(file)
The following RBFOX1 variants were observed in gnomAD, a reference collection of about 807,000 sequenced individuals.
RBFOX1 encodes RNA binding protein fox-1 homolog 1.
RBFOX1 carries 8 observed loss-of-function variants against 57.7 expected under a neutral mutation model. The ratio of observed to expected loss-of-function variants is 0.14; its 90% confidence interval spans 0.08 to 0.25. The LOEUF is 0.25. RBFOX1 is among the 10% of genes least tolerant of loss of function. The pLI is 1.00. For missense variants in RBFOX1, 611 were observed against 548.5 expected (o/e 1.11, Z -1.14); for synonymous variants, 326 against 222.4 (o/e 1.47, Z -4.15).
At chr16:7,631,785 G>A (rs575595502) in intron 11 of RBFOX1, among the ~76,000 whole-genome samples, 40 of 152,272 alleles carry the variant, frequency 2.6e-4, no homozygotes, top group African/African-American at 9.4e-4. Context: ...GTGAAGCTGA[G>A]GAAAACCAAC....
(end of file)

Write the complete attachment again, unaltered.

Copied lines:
The following RBFOX1 variants were observed in gnomAD, a reference collection of about 807,000 sequenced individuals.
RBFOX1 encodes RNA binding protein fox-1 homolog 1.
RBFOX1 carries 8 observed loss-of-function variants against 57.7 expected under a neutral mutation model. The ratio of observed to expected loss-of-function variants is 0.14; its 90% confidence interval spans 0.08 to 0.25. The LOEUF is 0.25. RBFOX1 is among the 10% of genes least tolerant of loss of function. The pLI is 1.00. For missense variants in RBFOX1, 611 were observed against 548.5 expected (o/e 1.11, Z -1.14); for synonymous variants, 326 against 222.4 (o/e 1.47, Z -4.15).
At chr16:7,631,785 G>A (rs575595502) in intron 11 of RBFOX1, among the ~76,000 whole-genome samples, 40 of 152,272 alleles carry the variant, frequency 2.6e-4, no homozygotes, top group African/African-American at 9.4e-4. Context: ...GTGAAGCTGA[G>A]GAAAACCAAC....